After years of battle, the UNESCO has finally settled a long-standing jollof rice dispute involving Nigeria, Ghana, Senegal and Cameroon. It has finally declared Senegal king of the famous West African delicacy.
The Senegalese Jollof, stood out from that of the three other countries, cementing the nation’s position as the true originator of the dish.
The UN cultural organisation named the dish in its representative list of the intangible cultural heritage of humanity, indicating how Senegalese may have influenced every other variant of jollof rice.
According to many, this move should have ended the jollof debate years ago.
It is believed that Jollof originated from the fishing communities of Saint-Louis island in Senegal and it is prepared by mixing rice with fish, tomatoes and vegetables and other ingredients.
“The dish is typically made with fish steak, broken rice, dried fish, mollusc and seasonal vegetables such as onions, parsley, garlic, chilli pepper, tomatoes, carrots, eggplant, white cabbage, cassava, sweet potato, okra and bay leaf,” UNESCO said.
A staple in many West African countries, Jollof rice has been the subject of social media debates between Nigerians and Ghanaians as well as Nigerians and Cameroonians, each of them claiming expertise in the dish.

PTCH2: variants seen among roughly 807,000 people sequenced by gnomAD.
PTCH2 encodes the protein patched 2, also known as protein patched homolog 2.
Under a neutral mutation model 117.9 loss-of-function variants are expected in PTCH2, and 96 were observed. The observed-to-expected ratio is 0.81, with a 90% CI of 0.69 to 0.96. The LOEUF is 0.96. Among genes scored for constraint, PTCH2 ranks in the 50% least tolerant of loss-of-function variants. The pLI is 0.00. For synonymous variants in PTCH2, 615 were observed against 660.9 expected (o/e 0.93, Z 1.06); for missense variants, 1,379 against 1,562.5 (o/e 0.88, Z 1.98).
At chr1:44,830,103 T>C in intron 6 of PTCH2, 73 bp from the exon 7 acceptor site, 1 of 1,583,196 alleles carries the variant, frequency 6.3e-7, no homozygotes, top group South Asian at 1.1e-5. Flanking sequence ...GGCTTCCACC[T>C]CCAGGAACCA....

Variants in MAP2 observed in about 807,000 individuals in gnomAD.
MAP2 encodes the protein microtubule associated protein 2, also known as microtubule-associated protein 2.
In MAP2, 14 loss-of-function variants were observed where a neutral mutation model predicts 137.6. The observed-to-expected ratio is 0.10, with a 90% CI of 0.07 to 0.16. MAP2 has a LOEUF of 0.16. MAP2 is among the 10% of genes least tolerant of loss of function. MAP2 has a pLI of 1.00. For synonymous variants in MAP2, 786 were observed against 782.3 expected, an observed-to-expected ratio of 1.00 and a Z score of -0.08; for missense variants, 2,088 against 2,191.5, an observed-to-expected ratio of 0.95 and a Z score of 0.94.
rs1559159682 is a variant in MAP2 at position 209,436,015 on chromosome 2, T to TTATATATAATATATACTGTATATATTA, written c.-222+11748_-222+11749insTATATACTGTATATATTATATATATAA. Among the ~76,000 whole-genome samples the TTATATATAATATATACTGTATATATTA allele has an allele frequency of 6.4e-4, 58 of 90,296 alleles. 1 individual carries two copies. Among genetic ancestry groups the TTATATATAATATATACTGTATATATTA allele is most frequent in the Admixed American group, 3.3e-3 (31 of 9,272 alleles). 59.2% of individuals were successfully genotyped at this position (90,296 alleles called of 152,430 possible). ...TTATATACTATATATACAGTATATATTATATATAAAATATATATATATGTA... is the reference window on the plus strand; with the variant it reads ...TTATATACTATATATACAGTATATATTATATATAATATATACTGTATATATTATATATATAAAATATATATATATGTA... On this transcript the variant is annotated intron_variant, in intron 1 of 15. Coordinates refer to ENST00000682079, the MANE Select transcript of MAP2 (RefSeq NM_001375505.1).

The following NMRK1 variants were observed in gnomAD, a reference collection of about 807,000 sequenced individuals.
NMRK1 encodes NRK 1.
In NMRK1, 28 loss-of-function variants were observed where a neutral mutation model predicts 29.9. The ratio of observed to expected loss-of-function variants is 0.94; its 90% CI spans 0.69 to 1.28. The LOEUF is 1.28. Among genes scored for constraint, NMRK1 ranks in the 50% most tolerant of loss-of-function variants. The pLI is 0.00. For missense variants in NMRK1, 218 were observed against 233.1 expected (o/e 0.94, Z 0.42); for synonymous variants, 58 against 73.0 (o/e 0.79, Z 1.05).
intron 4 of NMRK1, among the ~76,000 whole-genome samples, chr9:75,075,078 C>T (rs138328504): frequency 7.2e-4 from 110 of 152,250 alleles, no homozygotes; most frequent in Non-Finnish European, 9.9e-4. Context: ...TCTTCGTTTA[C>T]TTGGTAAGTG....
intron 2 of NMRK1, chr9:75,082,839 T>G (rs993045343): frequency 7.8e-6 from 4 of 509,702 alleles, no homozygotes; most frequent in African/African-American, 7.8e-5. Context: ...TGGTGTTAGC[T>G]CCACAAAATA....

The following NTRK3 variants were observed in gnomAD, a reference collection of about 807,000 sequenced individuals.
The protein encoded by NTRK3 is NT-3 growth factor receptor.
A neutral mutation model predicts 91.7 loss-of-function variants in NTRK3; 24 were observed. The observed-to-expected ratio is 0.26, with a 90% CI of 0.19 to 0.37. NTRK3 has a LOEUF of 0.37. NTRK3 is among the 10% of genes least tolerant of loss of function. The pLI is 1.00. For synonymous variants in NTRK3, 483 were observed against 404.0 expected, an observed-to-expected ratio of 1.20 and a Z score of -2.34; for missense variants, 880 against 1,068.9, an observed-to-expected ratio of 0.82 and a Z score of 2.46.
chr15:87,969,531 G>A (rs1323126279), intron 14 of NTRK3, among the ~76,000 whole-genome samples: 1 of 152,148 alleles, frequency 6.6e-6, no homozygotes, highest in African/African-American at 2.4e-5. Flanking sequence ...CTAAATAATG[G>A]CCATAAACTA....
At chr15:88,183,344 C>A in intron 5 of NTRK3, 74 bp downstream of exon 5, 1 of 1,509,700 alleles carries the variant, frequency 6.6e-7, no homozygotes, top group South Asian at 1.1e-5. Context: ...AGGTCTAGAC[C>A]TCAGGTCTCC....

UNESCO however pronounced Senegal’s Ceebu Jen as the best, adding that the dish is part of their cultural heritage and settling several years of debate.
Jollof rice has become part of the people’s way of life. In Cameroon, it is commonly called fried rice and it is prepared with carrots and green beans and is usually accompanied by chicken or fish.
According to research by Conversation Africa, the origins of Jollof rice can be traced back to the entrenchment of colonial rule in West Africa between 1860 and 1940.
During this period, French colonizers replaced food crops with broken rice imported from Indochina.
Over time, broken rice became more prized by the Senegalese than a whole rice grain, and the dish known as Ceebu jën was born.